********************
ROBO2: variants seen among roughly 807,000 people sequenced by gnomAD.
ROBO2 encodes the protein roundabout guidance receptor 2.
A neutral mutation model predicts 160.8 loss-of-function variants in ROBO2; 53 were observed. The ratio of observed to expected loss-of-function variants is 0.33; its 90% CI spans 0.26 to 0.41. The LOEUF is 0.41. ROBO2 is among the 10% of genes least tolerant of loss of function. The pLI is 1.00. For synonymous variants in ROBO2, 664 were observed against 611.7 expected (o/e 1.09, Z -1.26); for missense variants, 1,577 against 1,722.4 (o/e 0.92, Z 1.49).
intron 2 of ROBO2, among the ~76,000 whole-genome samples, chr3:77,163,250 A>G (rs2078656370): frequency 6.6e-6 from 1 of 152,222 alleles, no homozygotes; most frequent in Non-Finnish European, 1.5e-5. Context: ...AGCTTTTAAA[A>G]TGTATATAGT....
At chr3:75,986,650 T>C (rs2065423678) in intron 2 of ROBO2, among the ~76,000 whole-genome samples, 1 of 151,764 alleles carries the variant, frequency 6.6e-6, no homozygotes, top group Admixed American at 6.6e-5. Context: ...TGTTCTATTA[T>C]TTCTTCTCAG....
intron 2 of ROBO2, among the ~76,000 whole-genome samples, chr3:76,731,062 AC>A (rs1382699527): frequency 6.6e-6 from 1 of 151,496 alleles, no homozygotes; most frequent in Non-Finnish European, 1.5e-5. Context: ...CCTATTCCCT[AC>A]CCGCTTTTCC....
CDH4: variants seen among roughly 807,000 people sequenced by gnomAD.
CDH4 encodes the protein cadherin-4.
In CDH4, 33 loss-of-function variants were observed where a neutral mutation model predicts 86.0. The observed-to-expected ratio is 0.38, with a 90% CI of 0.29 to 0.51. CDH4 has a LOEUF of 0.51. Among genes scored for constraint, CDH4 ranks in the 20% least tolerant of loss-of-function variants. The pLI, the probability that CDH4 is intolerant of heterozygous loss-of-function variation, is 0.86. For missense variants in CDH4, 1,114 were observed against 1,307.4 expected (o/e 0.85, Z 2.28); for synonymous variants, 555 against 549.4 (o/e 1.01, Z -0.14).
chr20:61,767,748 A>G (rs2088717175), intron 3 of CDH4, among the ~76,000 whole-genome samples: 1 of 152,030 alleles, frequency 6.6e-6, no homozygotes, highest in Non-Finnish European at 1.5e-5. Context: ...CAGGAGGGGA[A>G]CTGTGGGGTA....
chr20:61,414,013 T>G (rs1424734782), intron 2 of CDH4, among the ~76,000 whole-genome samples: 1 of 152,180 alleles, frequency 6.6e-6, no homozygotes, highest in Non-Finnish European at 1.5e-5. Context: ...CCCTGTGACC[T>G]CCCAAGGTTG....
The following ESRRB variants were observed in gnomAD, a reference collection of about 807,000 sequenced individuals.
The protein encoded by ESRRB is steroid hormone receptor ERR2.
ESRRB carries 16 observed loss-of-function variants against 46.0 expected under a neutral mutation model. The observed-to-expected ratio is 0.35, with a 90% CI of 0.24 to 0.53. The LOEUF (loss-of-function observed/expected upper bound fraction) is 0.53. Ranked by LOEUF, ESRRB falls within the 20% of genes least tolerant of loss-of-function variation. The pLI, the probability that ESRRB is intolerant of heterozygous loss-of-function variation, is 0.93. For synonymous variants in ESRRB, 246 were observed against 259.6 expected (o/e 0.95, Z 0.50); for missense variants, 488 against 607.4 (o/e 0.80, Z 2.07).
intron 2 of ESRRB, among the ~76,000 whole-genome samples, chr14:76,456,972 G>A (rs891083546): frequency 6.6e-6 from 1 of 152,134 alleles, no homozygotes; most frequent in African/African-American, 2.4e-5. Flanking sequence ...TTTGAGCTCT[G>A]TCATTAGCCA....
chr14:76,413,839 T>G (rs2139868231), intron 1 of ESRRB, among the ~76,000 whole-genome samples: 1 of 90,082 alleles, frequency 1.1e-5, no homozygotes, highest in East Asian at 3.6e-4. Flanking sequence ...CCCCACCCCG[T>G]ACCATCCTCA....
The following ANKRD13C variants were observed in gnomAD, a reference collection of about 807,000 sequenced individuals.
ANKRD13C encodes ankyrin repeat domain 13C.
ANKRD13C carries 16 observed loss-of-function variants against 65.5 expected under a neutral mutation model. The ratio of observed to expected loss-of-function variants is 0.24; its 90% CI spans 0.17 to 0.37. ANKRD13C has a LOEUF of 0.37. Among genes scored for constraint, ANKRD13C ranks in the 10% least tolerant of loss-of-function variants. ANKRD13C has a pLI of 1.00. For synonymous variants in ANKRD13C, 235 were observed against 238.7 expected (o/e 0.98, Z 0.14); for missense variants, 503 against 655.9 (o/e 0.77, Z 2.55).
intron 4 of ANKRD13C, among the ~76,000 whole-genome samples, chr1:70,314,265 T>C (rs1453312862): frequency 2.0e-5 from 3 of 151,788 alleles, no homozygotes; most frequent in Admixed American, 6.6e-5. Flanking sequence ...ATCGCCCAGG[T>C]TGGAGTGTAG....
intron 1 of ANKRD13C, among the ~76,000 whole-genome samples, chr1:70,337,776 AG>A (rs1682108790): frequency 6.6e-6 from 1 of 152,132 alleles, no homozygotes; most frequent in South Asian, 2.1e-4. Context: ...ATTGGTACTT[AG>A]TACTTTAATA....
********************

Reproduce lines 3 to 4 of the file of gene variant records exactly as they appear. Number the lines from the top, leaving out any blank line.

A neutral mutation model predicts 160.8 loss-of-function variants in ROBO2; 53 were observed. The ratio of observed to expected loss-of-function variants is 0.33; its 90% CI spans 0.26 to 0.41. The LOEUF is 0.41. ROBO2 is among the 10% of genes least tolerant of loss of function. The pLI is 1.00. For synonymous variants in ROBO2, 664 were observed against 611.7 expected (o/e 1.09, Z -1.26); for missense variants, 1,577 against 1,722.4 (o/e 0.92, Z 1.49).
intron 2 of ROBO2, among the ~76,000 whole-genome samples, chr3:77,163,250 A>G (rs2078656370): frequency 6.6e-6 from 1 of 152,222 alleles, no homozygotes; most frequent in Non-Finnish European, 1.5e-5. Context: ...AGCTTTTAAA[A>G]TGTATATAGT....